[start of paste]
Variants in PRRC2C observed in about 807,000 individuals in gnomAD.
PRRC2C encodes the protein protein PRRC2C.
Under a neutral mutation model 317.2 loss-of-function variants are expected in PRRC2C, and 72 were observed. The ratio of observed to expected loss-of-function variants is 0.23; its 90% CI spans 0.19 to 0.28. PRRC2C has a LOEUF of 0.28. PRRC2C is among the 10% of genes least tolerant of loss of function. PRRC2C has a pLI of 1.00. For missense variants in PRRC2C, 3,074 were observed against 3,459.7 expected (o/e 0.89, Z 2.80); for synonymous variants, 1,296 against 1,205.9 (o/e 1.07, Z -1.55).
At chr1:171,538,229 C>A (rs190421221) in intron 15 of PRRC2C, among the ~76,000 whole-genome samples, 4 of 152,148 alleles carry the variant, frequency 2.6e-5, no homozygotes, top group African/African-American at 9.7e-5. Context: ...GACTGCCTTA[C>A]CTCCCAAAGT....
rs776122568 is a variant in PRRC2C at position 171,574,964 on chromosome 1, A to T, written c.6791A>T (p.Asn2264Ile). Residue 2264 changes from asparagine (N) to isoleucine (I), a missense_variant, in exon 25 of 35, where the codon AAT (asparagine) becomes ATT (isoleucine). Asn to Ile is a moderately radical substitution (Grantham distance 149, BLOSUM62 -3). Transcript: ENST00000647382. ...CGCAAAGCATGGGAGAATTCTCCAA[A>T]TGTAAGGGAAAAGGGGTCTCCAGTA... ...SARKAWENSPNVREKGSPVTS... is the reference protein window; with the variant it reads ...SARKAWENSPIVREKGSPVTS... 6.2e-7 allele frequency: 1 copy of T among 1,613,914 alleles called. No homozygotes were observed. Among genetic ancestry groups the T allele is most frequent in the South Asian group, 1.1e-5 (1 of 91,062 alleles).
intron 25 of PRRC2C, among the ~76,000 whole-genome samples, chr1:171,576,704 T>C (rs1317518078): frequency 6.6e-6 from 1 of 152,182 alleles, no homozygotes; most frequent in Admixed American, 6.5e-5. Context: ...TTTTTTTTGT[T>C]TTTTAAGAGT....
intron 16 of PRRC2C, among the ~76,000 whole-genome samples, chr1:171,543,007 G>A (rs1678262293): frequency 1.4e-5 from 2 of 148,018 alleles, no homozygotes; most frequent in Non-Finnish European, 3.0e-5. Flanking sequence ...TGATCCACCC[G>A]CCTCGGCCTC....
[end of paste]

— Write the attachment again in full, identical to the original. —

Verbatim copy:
Variants in PRRC2C observed in about 807,000 individuals in gnomAD.
PRRC2C encodes the protein protein PRRC2C.
Under a neutral mutation model 317.2 loss-of-function variants are expected in PRRC2C, and 72 were observed. The ratio of observed to expected loss-of-function variants is 0.23; its 90% CI spans 0.19 to 0.28. PRRC2C has a LOEUF of 0.28. PRRC2C is among the 10% of genes least tolerant of loss of function. PRRC2C has a pLI of 1.00. For missense variants in PRRC2C, 3,074 were observed against 3,459.7 expected (o/e 0.89, Z 2.80); for synonymous variants, 1,296 against 1,205.9 (o/e 1.07, Z -1.55).
At chr1:171,538,229 C>A (rs190421221) in intron 15 of PRRC2C, among the ~76,000 whole-genome samples, 4 of 152,148 alleles carry the variant, frequency 2.6e-5, no homozygotes, top group African/African-American at 9.7e-5. Context: ...GACTGCCTTA[C>A]CTCCCAAAGT....
rs776122568 is a variant in PRRC2C at position 171,574,964 on chromosome 1, A to T, written c.6791A>T (p.Asn2264Ile). Residue 2264 changes from asparagine (N) to isoleucine (I), a missense_variant, in exon 25 of 35, where the codon AAT (asparagine) becomes ATT (isoleucine). Asn to Ile is a moderately radical substitution (Grantham distance 149, BLOSUM62 -3). Transcript: ENST00000647382. ...CGCAAAGCATGGGAGAATTCTCCAA[A>T]TGTAAGGGAAAAGGGGTCTCCAGTA... ...SARKAWENSPNVREKGSPVTS... is the reference protein window; with the variant it reads ...SARKAWENSPIVREKGSPVTS... 6.2e-7 allele frequency: 1 copy of T among 1,613,914 alleles called. No homozygotes were observed. Among genetic ancestry groups the T allele is most frequent in the South Asian group, 1.1e-5 (1 of 91,062 alleles).
intron 25 of PRRC2C, among the ~76,000 whole-genome samples, chr1:171,576,704 T>C (rs1317518078): frequency 6.6e-6 from 1 of 152,182 alleles, no homozygotes; most frequent in Admixed American, 6.5e-5. Context: ...TTTTTTTTGT[T>C]TTTTAAGAGT....
intron 16 of PRRC2C, among the ~76,000 whole-genome samples, chr1:171,543,007 G>A (rs1678262293): frequency 1.4e-5 from 2 of 148,018 alleles, no homozygotes; most frequent in Non-Finnish European, 3.0e-5. Flanking sequence ...TGATCCACCC[G>A]CCTCGGCCTC....